IBLJ | 22nd October, 2021
Section 28 of the Indian Contract Act, 1872 (ICA), in its original form inter alia made all such contracts void that limited the time within which a party may enforce its rights under a contract by the usual legal proceedings in the ordinary tribunals. The courts interpreted the provision in a manner that an agreement which provides for the relinquishment of remedy to sue simultaneously with rights under the said agreement was not affected by section 28.
The said section was amended in 1997 after the Law Commission of India’s recommendation in its 97th Report. The commission noted that what is affected by section 28 is an agreement relinquishing the remedy only i.e., where the time limit specified in the agreement is shorter than the period of limitation provided by law. The amendment had an unintended effect on bank guarantees. Banks apprehended that they could not limit their liabilities under the guarantees to a specified period, which meant that banks had to treat in their books their liability under the bank guarantee to the government as outstanding till the limitation period of 30 years, under the Limitation Act, 1963 (Limitation Act).
An expert committee constituted by the government was also of the view that owing to the amended section 28, it would be now difficult to sustain a prescriptive clause, howsoever worded, in a bank guarantee which limits the period of banks and financial institutions liability to a period lesser than the normal period of limitation.
Therefore, in 2013, the parliament added exception 3 to section 28 of ICA. The said exception stated that “this section shall not render illegal a contract in writing by which any bank or financial institution stipulates a term in a guarantee or any agreement making a provision for guarantee for extinguishment of the rights or discharge of any party thereto from any liability under or in respect of such guarantee or agreement on the expiry of a specified period, which is not less than one year from the date of occurring or non-occurring of a specified event for extinguishment or discharge of such party from the said liability.” Banks interpreted the said exception in a manner that to make use of the benefit of the said exception, a minimum claim period of one year needs to be added in a bank guarantee on top of the guarantee period.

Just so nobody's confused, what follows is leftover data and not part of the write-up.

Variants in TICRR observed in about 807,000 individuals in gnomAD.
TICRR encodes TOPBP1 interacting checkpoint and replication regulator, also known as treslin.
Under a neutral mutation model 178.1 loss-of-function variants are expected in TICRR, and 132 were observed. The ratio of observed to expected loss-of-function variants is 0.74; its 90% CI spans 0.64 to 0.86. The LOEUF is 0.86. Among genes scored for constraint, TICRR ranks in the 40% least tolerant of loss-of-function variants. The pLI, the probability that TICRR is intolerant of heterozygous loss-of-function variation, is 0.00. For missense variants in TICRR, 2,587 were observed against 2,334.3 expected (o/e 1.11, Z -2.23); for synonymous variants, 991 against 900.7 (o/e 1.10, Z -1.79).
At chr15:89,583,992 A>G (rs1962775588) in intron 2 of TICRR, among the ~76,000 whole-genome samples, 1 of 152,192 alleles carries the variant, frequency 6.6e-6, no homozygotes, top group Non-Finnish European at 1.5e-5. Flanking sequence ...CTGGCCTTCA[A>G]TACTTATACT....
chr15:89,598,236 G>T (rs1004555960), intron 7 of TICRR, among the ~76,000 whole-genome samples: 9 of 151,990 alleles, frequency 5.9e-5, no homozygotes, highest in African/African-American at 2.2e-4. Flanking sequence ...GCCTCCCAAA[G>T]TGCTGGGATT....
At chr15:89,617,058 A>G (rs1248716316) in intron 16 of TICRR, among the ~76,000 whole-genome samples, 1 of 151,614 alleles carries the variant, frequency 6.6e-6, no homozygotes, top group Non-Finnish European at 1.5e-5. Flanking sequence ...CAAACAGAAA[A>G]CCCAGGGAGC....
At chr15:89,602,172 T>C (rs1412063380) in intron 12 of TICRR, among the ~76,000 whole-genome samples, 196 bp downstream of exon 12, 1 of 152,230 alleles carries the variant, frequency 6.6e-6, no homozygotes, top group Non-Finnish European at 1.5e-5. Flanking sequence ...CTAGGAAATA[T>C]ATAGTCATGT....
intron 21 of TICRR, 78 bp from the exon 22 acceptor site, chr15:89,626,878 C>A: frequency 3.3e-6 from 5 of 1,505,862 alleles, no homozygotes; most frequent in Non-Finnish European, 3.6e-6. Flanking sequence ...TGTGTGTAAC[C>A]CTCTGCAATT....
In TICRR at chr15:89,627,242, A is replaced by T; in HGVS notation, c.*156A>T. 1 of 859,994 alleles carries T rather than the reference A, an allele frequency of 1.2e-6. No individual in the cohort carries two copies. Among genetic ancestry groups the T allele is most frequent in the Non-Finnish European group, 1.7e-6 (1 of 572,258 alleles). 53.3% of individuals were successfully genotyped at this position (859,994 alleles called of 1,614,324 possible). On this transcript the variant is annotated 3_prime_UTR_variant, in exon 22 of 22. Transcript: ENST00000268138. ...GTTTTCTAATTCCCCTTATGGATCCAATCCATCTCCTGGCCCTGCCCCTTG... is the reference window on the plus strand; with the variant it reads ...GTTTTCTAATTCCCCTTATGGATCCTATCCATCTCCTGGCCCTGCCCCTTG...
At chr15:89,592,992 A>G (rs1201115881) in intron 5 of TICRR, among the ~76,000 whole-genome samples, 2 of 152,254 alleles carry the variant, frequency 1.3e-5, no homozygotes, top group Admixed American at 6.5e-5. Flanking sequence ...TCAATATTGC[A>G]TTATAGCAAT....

In the recent case of Larsen & Toubro Limited v Punjab National Bank, the Delhi High Court has delved into the interpretation of section 28 of ICA, with special emphasis on exception 3. L&T contended in its writ petition that in the ordinary course of its business, it was required to furnish bank guarantees while bidding for contracts. However, PNB, based on an erroneous interpretation of section 28 of ICA, had stipulated a compulsory minimum claim period of 12 months for the guarantee, even though L&T required the guarantee for a shorter period. Such claim period provided for a grace period beyond the validity period of the guarantee, during which a demand could be made on the bank for a default which occurred during the validity period. Under the guarantee, the creditor could also enforce his right before a court of law within the validity period or claim period, in the event the bank failed to honour its commitment, as per exception 3 to section 28 of the ICA. In the absence of such a clause in the guarantee, the said period would be determined by the Limitation Act.
Punjab National Bank argued that a claim period in a bank guarantee whose duration was less than 12 months would render the claim period void, and increased the claim period under the guarantee to that prescribed under the Limitation Act. This was further based on the clarification provided by the Indian Bank Association (also a respondent).
The court has held in the matter that exception 3 deals exclusively with curtailment of the period for the creditor to institute proceedings before a court of law to enforce his rights (the enforcement period), which shall be not be less than 12 months. Further, in the absence of such a clause limiting the enforcement period to 12 months, the limitation period as set out under the Limitation Act shall be applicable (which is three years for private parties and 30 years for the government). However, it does not in any manner deal with the duration of claim period or mandate the stipulation of a claim period of at least 12 months in a bank guarantee.
This judgment will have far-reaching consequences as it provides significant relief both to banks and companies.